Roche's Point: Forget the cliches - anything goes in replays
YOU'VE heard it all before. "Whoever learns more will win the replay" ... "Whoever has more scope for improvement will do it" ... "Wounded favourites will never give you a second bite" ... etc ad nauseam.
And then, when it's eventually all over, the 20-20 hindsight experts will smugly apply one of the above foolproof theories to explain why the replay unfolded as it did.
Guess what? This is all bunkum.
Dublin/Mayo was one of those precariously balanced collisions where the outcome could not be predicted with any confidence beforehand.
Seventy-eight torrid minutes later, we know a lot more and, perversely, we know even less about the likely outcome next Saturday. Moreover, it's still far too early in the week to decipher how both squads are shaping up. Consider what might or might not happen ...
Diarmuid Connolly might, just might, for the second time in his career, have an All-Ireland semi-final red card rescinded. If that happens? A huge advantage for the Dubs, albeit not necessarily a decisive one - remember how Connolly's enemy number one, Lee Keegan, was controversially cleared for last year's semi-final replay against Kerry but failed to reach his usual stellar heights in Limerick. All the off-field furore can prove a distraction.
By the same token, a suspended Connolly equals a major plus for Mayo. Not alone are they spared the headache of trying to man-mark this at-times unmarkable player, but it might free up Keegan for an even more attacking brief.
Then there are the other - potential - disciplinary issues that might require some burning of the midnight oil off the Jones's Road.
Will Philly McMahon have to answer for his tete-a-tete with Aidan O'Shea? Quite possibly, but trying to second-guess the secretive and scarcely consistent machinations of the CCCC or the CHC can appear next to impossible at times.
What about Cillian O'Connor's flailing arm that left Rory O'Carroll bloodied and forced to bow out within minutes? Looking at The Sunday Game's camera shot, O'Connor was being held off the ball and then threw out both arms as if in protest, before his left arm then caught the Dublin full-back flush in the face. It all appeared to happen without O'Connor looking back, in which scenario Mayo could certainly argue that contact was accidental and their man has no case to answer. That, of course, presupposes the CCCC even deem it worthy of investigation.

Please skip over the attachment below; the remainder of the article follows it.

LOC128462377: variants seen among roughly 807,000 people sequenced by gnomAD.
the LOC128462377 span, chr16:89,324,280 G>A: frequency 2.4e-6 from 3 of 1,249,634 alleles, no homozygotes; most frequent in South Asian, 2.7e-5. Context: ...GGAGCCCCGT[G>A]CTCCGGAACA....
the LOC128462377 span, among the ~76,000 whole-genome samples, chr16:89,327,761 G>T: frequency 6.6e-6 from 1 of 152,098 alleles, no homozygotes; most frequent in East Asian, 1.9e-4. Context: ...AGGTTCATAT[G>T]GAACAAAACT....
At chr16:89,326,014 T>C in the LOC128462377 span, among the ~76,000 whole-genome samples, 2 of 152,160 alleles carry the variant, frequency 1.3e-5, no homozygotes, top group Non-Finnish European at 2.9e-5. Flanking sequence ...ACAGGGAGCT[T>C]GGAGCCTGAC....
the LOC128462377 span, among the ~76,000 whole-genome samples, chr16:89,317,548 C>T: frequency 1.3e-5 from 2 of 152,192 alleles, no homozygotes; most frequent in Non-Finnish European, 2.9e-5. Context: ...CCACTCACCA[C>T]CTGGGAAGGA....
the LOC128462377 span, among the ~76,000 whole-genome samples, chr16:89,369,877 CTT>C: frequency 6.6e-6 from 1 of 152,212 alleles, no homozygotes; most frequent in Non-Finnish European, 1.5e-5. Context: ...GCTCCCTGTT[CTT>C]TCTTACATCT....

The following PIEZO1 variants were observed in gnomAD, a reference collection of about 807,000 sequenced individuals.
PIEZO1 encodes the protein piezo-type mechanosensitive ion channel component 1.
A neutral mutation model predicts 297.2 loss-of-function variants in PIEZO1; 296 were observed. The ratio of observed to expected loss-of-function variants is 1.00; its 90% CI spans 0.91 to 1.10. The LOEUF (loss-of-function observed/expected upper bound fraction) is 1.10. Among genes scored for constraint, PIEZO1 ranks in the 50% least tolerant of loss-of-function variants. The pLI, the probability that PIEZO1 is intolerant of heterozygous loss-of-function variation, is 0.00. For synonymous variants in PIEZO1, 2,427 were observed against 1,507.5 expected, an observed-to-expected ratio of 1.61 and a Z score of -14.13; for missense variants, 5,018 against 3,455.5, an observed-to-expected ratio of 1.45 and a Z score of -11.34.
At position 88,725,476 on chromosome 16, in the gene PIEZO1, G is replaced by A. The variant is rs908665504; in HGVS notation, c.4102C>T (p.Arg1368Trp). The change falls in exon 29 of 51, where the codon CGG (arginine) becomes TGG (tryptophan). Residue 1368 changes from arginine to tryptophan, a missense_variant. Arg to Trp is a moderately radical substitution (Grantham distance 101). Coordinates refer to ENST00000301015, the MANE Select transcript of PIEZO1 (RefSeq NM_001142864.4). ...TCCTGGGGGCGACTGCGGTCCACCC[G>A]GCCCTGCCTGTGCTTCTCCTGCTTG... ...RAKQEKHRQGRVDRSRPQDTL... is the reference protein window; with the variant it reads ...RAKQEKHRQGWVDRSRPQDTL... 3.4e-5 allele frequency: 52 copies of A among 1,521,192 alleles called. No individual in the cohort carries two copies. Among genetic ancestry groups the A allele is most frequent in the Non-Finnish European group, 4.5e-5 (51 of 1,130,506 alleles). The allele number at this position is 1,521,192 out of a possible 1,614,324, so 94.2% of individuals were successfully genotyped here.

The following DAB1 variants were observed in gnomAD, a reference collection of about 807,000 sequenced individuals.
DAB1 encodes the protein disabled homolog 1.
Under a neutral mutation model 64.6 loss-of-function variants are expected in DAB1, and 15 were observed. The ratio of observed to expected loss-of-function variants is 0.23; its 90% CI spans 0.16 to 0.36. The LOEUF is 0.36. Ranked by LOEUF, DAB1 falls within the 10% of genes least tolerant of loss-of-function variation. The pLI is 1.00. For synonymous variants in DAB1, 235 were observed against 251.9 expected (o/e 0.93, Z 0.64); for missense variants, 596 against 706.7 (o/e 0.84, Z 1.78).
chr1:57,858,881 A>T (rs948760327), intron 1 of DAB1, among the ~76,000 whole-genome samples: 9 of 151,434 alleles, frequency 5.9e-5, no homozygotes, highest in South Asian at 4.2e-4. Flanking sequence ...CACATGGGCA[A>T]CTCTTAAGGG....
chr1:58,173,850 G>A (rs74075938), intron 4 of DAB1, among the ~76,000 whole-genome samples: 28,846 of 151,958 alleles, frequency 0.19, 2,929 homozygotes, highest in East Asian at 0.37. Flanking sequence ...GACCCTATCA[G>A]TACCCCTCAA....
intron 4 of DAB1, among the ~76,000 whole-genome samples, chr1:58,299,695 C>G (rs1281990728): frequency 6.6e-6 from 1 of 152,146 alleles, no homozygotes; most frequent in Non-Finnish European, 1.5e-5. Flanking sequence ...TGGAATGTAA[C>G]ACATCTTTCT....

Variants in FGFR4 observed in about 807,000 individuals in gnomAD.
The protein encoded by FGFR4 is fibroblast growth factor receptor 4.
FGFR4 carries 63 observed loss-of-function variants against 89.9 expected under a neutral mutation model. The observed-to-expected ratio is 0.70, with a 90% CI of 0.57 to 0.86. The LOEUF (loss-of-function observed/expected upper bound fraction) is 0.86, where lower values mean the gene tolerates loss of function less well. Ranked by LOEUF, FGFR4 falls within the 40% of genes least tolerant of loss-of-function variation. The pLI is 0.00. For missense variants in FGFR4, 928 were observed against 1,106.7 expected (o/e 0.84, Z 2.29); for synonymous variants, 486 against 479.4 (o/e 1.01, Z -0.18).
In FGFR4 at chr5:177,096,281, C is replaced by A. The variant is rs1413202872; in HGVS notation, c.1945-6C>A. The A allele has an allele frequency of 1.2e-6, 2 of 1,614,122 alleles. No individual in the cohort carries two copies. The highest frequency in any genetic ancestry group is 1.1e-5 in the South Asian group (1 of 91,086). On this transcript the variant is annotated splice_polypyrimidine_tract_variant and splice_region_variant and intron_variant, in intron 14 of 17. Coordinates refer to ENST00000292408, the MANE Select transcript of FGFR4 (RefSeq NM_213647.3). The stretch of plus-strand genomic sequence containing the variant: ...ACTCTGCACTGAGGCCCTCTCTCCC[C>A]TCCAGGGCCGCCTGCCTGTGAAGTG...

The only thing that can be said with any degree of certainty is that O'Carroll and Dublin paid a heavy price for his grappling ... but if it transpired that O'Connor were to miss the replay, that would constitute arguably an even bigger loss to Mayo than Connolly to Dublin.
Remember, they scored 1-15 of which their deadball specialist contributed a flawless 1-9. The starting Mayo forwards were limited to just 0-1 from play, courtesy of O'Connor's younger brother Diarmuid, so you cannot over-emphasise Cillian's importance to the cause.
Whatever about suspension fears, both rivals have injury issues to tax their medical teams this week. Donal Vaughan would appear a bigger doubt for Mayo than O'Carroll is for Dublin, not that you can expect scrupulously honest selection updates from either camp over the coming days.
Put it this way: will you believe the Mayo line-up whenever it's announced? Or its Dublin equivalent? More fool you.
Dummy teams have become a tedious par for the course, and not even new edicts over the early release of 26-man match day squads have changed that this summer.
The only difference last Sunday is that virtually everyone suspected, well in advance, that Michael Darragh Macauley would start in the Dublin cockpit, notwithstanding his 'non-selection' on Friday night ... whereas Mayo caught a lot more people on the hop with their dummy team.
Even the most clued-in Mayo observers were outfoxed by David Drake's 11th hour promotion; there had been plenty of talk about Barry Moran not starting, with Patrick Durcan touted as a likely replacement, but Drake's SFC debut as a half-forward/half-back floater came totally out of leftfield.
Did it work? Debatable, to say the least. That said, the Mayo jury appears split between a majority who have criticised their initially cautious set-up, allowing Dublin to go short with most first half kickouts, and a minority who say it helped to keep them in the contest.
Now that it's a replay, all we can advise is that you (a) don't believe either team announcement; (b) be prepared for more selection curve balls; (c) expect Day Two to be every bit as feisty, even spiteful; and (d) jump for cover when the 20-20 hindsight bores come calling on Saturday evening.